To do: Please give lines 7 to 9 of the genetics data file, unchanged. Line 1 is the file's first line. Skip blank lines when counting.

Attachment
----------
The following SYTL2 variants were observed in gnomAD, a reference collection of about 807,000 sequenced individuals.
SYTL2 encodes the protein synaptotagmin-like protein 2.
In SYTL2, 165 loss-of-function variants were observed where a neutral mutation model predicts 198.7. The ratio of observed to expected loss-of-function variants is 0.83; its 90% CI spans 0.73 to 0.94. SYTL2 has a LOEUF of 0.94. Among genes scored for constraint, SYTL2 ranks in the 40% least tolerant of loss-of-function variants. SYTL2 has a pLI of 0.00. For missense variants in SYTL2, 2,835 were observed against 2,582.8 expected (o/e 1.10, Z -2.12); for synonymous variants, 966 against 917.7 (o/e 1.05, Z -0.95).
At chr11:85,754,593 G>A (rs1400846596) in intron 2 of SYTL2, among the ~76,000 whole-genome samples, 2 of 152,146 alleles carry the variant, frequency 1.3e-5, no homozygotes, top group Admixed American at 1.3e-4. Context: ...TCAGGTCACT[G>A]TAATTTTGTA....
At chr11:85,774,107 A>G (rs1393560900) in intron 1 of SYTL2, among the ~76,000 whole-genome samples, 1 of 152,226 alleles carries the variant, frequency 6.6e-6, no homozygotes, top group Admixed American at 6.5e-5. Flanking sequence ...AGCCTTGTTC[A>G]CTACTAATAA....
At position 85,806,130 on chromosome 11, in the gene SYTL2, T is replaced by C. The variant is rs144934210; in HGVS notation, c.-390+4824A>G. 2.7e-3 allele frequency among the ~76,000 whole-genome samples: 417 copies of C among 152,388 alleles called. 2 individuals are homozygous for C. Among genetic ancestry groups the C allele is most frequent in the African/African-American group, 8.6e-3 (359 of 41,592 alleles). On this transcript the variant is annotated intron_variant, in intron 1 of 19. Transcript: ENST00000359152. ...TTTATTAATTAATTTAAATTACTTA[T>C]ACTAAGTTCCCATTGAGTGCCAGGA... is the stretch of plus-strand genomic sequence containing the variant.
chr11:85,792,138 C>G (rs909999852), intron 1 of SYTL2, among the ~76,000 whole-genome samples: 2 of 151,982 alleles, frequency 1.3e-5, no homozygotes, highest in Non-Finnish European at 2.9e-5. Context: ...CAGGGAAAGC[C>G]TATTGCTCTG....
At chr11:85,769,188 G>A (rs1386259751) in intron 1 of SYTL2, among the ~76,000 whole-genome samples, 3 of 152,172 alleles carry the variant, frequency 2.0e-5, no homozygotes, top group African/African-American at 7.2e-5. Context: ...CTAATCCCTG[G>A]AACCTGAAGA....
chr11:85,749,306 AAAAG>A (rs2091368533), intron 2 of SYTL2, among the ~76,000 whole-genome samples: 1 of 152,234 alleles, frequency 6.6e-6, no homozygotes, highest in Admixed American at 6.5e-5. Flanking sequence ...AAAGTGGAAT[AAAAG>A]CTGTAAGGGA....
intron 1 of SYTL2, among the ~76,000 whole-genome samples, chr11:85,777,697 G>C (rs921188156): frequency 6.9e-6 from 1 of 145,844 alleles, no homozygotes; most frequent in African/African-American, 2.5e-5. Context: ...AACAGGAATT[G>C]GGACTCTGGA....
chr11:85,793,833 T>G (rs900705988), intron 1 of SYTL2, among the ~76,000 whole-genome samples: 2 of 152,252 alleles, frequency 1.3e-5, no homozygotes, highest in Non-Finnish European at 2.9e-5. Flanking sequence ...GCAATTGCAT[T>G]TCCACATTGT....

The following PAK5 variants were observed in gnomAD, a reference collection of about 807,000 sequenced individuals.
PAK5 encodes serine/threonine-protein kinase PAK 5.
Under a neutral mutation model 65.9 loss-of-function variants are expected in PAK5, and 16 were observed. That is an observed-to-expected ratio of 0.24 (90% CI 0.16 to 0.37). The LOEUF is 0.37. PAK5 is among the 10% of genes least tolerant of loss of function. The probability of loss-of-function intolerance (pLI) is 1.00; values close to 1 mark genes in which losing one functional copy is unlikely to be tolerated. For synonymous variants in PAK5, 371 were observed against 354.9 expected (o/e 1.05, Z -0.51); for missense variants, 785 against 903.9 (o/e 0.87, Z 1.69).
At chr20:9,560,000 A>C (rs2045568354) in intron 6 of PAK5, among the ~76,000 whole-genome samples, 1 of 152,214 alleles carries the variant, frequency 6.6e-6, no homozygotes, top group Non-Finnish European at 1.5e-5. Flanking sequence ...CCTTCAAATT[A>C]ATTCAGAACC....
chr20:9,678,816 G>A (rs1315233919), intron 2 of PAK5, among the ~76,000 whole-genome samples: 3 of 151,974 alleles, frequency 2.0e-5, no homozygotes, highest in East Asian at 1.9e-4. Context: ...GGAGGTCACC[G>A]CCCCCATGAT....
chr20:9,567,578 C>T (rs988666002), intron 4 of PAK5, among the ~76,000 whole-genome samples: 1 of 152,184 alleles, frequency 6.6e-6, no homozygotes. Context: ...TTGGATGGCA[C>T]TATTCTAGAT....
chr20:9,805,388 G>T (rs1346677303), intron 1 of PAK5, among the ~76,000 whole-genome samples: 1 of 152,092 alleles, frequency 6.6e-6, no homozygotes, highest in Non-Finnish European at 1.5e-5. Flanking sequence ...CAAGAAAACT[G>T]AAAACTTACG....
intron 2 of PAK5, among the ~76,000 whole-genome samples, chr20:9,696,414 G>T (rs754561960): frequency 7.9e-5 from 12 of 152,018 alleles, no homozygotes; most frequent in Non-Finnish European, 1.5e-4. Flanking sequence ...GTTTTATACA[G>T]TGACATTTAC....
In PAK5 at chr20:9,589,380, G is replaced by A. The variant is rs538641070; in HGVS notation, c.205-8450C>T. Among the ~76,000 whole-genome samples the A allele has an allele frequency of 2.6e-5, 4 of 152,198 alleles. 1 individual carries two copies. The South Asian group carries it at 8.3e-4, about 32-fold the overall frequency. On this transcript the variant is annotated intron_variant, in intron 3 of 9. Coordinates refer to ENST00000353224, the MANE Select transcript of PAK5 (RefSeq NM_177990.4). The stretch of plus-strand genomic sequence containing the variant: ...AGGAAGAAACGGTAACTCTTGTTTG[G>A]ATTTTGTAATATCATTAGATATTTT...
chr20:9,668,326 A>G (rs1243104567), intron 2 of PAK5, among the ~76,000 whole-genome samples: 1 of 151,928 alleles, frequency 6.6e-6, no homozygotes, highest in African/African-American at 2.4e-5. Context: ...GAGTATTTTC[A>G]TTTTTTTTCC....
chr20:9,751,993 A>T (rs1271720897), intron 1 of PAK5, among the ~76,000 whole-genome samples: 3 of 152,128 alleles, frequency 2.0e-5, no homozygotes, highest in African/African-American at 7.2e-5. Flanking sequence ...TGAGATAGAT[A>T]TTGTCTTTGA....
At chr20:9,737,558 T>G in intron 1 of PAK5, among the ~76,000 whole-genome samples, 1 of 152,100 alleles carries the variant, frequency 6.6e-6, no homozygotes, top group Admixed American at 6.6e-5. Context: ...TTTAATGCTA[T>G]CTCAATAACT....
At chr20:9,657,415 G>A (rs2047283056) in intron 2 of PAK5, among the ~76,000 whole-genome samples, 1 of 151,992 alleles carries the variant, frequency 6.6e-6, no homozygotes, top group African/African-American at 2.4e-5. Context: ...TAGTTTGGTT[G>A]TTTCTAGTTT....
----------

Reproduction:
chr11:85,792,138 C>G (rs909999852), intron 1 of SYTL2, among the ~76,000 whole-genome samples: 2 of 151,982 alleles, frequency 1.3e-5, no homozygotes, highest in Non-Finnish European at 2.9e-5. Context: ...CAGGGAAAGC[C>G]TATTGCTCTG....
At chr11:85,769,188 G>A (rs1386259751) in intron 1 of SYTL2, among the ~76,000 whole-genome samples, 3 of 152,172 alleles carry the variant, frequency 2.0e-5, no homozygotes, top group African/African-American at 7.2e-5. Context: ...CTAATCCCTG[G>A]AACCTGAAGA....
chr11:85,749,306 AAAAG>A (rs2091368533), intron 2 of SYTL2, among the ~76,000 whole-genome samples: 1 of 152,234 alleles, frequency 6.6e-6, no homozygotes, highest in Admixed American at 6.5e-5. Flanking sequence ...AAAGTGGAAT[AAAAG>A]CTGTAAGGGA....